Lagos, Nov. 15, 2017 (TNE) Prof. Oluyemi Akinloye , a Consultant Endocrinologist, has said that dietary condiments and natural products such as locust bean could be used to lower the body’s blood glucose level, especially in people with diabetes.
Akinloye, of the College of Medicine, University of Lagos, Idi-Araba, made the assertion in Lagos on the occasion of the 2017 World Diabetes Day with theme: “Women and Diabetes- Our Right to a Healthy Future.”
”Keeping the blood glucose level can be achieved with change of lifestyle which would include consistent body exercise, healthy diet and use of glucose lowering drugs as well as natural condiments.
”Our research group has also discovered several dietary condiments and natural products that can lower blood glucose.
”Some of these are locust bean ” Iru” (Pakia Biglobosa), eggplant (Solanum melongena/Solalnium fruits) and African basil (Ocimum Gratissimum Linn),” the endocrinologist said.
Akinloye defines diabetes as a disease in which blood sugar (glucose) levels in the body are too high either due to deficiency of insulin or dysfunctional insulin.
He said: “Diabetes poses severe health consequences; it affects both men and women.
”The primary target in the treatment of diabetes is to keep the blood glucose level normal in both men and women.”
According to Akinloye, preventing complications that can arise from diabetes also requires keeping a consistent check on the body’s glucose level.
Speaking on this year’s theme, he said: “Globally, it is estimated that 199 million women are currently living with diabetes and this total is projected to increase to 313 million by 2040.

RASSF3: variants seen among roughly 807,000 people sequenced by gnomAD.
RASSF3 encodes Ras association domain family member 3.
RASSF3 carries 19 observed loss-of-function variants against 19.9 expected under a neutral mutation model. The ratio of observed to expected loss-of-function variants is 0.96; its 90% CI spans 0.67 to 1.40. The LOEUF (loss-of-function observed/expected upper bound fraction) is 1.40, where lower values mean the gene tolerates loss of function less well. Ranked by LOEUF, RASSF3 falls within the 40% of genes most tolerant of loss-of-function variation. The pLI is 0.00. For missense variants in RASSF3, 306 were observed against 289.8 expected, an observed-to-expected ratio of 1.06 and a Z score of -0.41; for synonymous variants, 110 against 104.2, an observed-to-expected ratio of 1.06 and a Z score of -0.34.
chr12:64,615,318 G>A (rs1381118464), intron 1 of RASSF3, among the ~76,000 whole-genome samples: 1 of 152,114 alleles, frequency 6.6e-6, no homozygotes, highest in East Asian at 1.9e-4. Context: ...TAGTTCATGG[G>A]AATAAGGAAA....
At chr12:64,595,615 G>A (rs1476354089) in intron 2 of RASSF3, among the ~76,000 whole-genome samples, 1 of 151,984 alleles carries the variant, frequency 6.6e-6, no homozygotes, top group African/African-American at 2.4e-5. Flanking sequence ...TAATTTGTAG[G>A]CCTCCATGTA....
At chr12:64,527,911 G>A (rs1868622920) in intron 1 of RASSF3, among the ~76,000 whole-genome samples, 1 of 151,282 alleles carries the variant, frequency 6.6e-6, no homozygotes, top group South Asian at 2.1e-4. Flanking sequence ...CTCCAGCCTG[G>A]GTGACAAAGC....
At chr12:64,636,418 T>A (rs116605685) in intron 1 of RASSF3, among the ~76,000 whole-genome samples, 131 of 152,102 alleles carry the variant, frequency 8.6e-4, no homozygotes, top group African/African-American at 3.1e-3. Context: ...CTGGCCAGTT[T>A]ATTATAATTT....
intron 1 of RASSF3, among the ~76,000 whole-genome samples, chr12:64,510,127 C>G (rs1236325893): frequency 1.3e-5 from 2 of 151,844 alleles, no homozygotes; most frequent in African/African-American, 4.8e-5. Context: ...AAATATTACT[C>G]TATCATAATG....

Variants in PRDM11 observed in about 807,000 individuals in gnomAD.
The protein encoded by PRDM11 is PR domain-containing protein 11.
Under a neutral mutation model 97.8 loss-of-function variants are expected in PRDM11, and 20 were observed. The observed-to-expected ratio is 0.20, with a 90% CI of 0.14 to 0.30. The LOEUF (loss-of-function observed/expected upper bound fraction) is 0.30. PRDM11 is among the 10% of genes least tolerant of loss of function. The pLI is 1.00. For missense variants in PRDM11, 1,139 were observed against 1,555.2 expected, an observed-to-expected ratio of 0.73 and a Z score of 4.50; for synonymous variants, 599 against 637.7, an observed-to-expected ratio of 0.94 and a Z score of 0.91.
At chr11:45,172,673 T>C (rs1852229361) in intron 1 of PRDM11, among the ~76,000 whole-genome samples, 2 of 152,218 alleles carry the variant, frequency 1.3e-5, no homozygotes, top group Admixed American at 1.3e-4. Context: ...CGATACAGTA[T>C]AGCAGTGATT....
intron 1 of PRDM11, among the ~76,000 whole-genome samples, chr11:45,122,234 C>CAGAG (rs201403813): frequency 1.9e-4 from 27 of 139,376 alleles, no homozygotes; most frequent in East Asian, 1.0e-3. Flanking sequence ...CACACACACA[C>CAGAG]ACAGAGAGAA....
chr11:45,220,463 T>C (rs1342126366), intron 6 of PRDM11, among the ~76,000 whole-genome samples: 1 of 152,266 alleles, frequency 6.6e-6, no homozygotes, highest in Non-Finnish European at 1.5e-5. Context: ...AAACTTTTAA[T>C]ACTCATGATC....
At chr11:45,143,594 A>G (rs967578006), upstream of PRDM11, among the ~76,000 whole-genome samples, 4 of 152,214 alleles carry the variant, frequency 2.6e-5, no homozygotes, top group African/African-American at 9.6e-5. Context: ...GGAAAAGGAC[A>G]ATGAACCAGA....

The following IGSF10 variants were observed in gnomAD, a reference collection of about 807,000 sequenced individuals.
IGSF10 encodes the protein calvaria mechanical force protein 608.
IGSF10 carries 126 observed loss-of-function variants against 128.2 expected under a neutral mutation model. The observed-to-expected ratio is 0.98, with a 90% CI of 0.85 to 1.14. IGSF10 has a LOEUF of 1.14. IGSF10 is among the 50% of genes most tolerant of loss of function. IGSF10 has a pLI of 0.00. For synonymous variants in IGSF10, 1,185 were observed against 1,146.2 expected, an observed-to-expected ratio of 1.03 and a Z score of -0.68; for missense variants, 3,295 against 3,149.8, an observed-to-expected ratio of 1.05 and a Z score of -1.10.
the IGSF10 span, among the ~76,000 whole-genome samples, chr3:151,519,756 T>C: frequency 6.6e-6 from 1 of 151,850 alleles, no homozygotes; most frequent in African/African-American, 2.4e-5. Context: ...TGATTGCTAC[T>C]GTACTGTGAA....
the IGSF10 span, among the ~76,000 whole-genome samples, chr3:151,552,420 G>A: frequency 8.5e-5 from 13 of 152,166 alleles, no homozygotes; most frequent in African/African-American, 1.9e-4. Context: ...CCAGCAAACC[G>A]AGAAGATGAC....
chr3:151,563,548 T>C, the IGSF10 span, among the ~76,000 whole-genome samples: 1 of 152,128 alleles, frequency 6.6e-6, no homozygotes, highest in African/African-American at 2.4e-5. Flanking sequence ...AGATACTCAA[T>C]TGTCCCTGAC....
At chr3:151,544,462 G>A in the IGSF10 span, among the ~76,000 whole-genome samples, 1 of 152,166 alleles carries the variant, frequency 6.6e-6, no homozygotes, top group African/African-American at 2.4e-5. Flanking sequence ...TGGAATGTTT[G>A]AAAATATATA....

”Based on this year’s theme which is focusing on women and diabetes, two out of every five women with diabetes are of reproductive age, accounting for over 60 million women worldwide.
”Pregnant women are particularly vulnerable to developing gestational diabetes and unfortunately, gestational diabetes is on the increase with its accompanying consequences.
”The theme is timely and of high resolution because many of our women still do not have access to timely healthcare.”
According to Akinloye, Gestational Diabetes Mellitus (GDM) is when a pregnant woman, who has not had a history of having diabetes prior to becoming pregnant, is diagnosed at 24 weeks to have very high blood sugar.
”In Nigeria, it is estimated that one out seven births is affected by gestational diabetes. This is huge and calls for global attention especially as it is a severe and neglected threat to maternal and child health,’’ the endocrinologist said.
According to him, diabetes has grave consequences in pregnancy if it is not properly managed.
”Diabetes can cause serious health problems including heart attack or stroke, blindness, problems during pregnancy and kidney failure. Many women with GDM experience pregnancy related complications including high blood pressure, large birth weight babies and obstructed labour.
”A significant number of women with GDM also go on to develop type 2 diabetes resulting in further healthcare complications and costs,’’ he said.
The endocrinologist advised people with diabetes to look at for as warning signs, especially if they had increased risk for diabetes, in order to control their blood sugar level and prevent complications.
He also advised people to go for regular checkups for early diagnosis of diabetes and if diagnosed positive, they should adhere to instructions by their healthcare givers
World Diabetes Day is commemorated annually on November 14 to draw attention to issues of utmost importance on diabetes, as well as to keep diabetes firmly in the public and political spotlight.
According to the International Diabetes Federation (IDF), “World Diabetes Day was created in 1991 by IDF and the World Health Organisation in response to growing concerns about the escalating health threat posed by diabetes.
“World Diabetes Day became an official United Nations Day in 2006 with the passage of United Nations Resolution 61/225,’’ says IDF.